The flames rose, the warm orange light scaled up the white screen and danced. Higher, always higher. He could swear the fires felt warm on his face. He leaned closer. It was true- heat! And the light, the warm color, sunset over the sea, gulls crying. Warm soft sand under his bare feet, the sea foam kissing his toes as the waves climbed… warm like the womb. A beach somewhere, Southeast Asia maybe. He turned and a golden girl in a white sarong strolled toward him in the distant fog. Coal black hair whipping in the sea breeze as he could almost, almost see her face smiling and the flames danced down and the white glare hurt his eyes and he was back in his room. $980.75. Jesus Christ, he thought– I better go to bed.


He held his coin. Didn’t look for six months. Until one day he remembered the beach. The girl.

$3286 now. Five grand must be next, he thought. He squinted at the fire shapes in the price graph. The warm orange dipped and spiked. He waited. $3272. $3276. Nothing was happening. He must have been tired–


$3296. $3304. $3308, up and up and up the flames danced. And that feeling again, like spring sun on his face after winter. He leaned closer. Let the color fill his eyes. Nothing for a second.

Then there it was. Mediterranean sunset through a wide windshield, green hills whipping past in the periphery. The yellow line streaking impossibly like tracer fire. A sound like a bull bellowing, like God’s lawnmower. Steering wheel in his hands. He could barely see the hood but it was red– it was a Lamborghini. Like the Countache he’d had on a poster as a boy, parked askew in a cobblestone alley in Milan somewhere. Mounted above Castle Grayskull. The speed made his hands sweat but the steering wheel was wrapped in soft calfskin and his wrists made the turns like a dance they knew. Two hundred miles an hour. There was a squeal to his right. He looked and there she was. The girl. Her face like a Chinese ad for hand cream. Shrieking and clinging to the door grip, eyes wide but smiling.

“Oh my god oh my god,” she said. “This is insane! Don’t stop.”

“I told you you would like it.”

“I didn’t believe you! Ahhh!!!!!”

Jenny had thought the car impractical. It cost as much as a house. But she didn’t have a problem now.

“Want to give it a try?”

“I told you I can’t drive stick!”

“I’ll teach you, here-”

He slowed down, pulled over. Felt the brakes bite and heard the roadside gravel pinging on the undercarriage. Even that sound, like something from a symphony.

“What if I break it?”

“We’ll get another one.”

“You won’t be mad at me?”

“Baby I will never be mad at you.”

And she leaned across the camel colored hand tooled center console to kiss him, hair tickling his collarbones as white clouds closed in and a hiss woke him up. $2998.


Gloria the goth girl came into the back office as he was counting out the drawers to close.

“Hey can I ask you something,” she said.

It was almost payday. He put it all into the bitcoin now. It grew and grew. At $5,000 the flames showed him a mansion. New rooms folded out from the void as the fire danced. The red Lambo in the driveway. The girls came and went. A shrewd financial wizard such as himself rarely lacked for company. But he always thought about Jenny.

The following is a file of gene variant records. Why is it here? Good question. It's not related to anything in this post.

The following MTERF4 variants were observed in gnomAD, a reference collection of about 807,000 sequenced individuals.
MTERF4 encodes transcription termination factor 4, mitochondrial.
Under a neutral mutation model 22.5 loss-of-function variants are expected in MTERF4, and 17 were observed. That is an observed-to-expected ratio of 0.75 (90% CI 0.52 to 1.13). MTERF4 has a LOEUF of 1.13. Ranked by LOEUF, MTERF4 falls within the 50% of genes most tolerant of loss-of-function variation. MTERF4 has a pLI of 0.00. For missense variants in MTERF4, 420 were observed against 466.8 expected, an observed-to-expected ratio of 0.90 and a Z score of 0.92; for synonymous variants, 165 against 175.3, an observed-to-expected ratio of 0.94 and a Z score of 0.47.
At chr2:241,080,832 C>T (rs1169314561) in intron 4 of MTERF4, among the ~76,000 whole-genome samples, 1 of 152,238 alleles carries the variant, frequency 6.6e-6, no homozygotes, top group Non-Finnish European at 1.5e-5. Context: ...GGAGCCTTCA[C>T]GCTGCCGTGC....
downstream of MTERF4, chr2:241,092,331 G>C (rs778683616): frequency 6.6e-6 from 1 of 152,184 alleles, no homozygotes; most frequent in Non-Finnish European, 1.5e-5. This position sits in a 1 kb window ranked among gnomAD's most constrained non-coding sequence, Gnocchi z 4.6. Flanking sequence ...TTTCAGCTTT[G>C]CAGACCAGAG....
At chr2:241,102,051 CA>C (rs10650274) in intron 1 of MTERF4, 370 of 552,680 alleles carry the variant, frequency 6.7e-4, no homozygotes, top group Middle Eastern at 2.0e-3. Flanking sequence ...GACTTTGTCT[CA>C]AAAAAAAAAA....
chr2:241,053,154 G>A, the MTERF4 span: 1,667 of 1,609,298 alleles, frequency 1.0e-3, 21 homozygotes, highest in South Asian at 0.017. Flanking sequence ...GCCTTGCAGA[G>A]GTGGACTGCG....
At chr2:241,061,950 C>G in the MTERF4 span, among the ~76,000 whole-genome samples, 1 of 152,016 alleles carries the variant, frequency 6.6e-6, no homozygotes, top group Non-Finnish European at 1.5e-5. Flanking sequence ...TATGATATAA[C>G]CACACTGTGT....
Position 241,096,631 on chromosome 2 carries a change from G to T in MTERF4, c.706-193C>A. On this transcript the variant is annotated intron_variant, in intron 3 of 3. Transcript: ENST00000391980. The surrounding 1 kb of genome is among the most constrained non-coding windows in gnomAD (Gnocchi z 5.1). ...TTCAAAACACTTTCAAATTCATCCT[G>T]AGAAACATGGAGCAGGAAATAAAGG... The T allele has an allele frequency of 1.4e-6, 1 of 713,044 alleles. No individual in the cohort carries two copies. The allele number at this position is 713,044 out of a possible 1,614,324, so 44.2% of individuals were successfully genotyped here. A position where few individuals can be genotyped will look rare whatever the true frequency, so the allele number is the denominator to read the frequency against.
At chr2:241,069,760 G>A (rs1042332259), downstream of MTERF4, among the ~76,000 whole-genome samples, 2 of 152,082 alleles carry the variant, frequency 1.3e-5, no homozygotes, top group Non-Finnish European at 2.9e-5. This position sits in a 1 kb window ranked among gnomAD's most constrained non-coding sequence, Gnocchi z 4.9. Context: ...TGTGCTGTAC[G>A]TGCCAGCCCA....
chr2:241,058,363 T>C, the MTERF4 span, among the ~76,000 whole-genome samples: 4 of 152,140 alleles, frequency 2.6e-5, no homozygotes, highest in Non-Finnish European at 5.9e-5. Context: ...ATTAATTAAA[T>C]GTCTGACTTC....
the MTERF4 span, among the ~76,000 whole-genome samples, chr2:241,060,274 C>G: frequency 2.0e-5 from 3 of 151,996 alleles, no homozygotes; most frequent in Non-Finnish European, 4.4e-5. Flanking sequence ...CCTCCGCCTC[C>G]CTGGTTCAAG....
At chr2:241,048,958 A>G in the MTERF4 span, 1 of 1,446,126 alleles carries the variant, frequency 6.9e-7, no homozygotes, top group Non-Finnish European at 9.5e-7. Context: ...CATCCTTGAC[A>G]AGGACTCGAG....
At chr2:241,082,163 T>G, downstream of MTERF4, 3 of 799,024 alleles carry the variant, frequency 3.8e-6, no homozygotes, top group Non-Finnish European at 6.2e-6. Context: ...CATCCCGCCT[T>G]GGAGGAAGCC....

“Sure,” he said.

“You know I broke up with James.”

He looked up. She had a pleated skirt on and underneath a tattoo of something. Possibly Satanic. He’d been studying her thighs for two years but hadn’t noticed it. It looked ghoulish in the blue light of the office TV, which played CNBC. She was into him now. He could tell. Girls looked back at him on the street, since it. Since her.

“I’m sorry,” he said.

“No it’s good. Anyway listen– a bunch of us are going to Catalina this weekend camping. Do you want to come with?”

“I don’t have a tent.”

“We could share.”

He looked at her again. “Is it expensive?”

“Is it– no, it’s like a hundred bucks for the boat.”

“I can’t,” he said. “I need to save money. For my investments.”


“THIS COULD HIT TEN THOUSAND, A HUNDRED THOUSAND, A MILLION JEFF. THERE IS NO LIMIT TO–” eccentric millionaire John McAfee suddenly boomed from CNBC. His skin, like a 120 year old opossum but, there was also something young in his gaze.

The chyron:


“I gotta go,” he said.


Before he logged in he tied his robe and poured champagne. Cast a glance at 4chan/biz. Murmured a quick prayer to the money gods. Hit enter.

$11,121. $12,364. The fire filled the screen and it felt like it made hands that pulled him in. Now he was coming home. Jenny swung open the big double doors when she heard his loafers on the stone steps. Above and behind her MC Escher stairways twisted up into ceilings with Michelangelo angels that had his face. “Where have you been,” she said. “I missed you.”

“I had to work baby. I got out late. This girl was talking, wanted me to go camping.”

“What girl?”

“From work.”


“Nobody. Don’t worry.”

“Is she prettier than me?”

He looked at her. She was on the verge of tears. Eyes, like a baby faun’s.

“Of course not,” he said.

“You promise?”

“No girl is prettier than you.”


“I have something to ask you, he said. And began to reach in his pocket.”

“Oh my god–”

“Baby, will you marry me?” he said.

She said, “yes, oh yes. And held him. Promise you’ll never leave me,” she said.

“I promise,” he said. “I promise. I love you.” She kissed him. Fingers hot on his back the fire shivered.

On Christmas they found a corpse, hunched at the desk with its dick in its hand.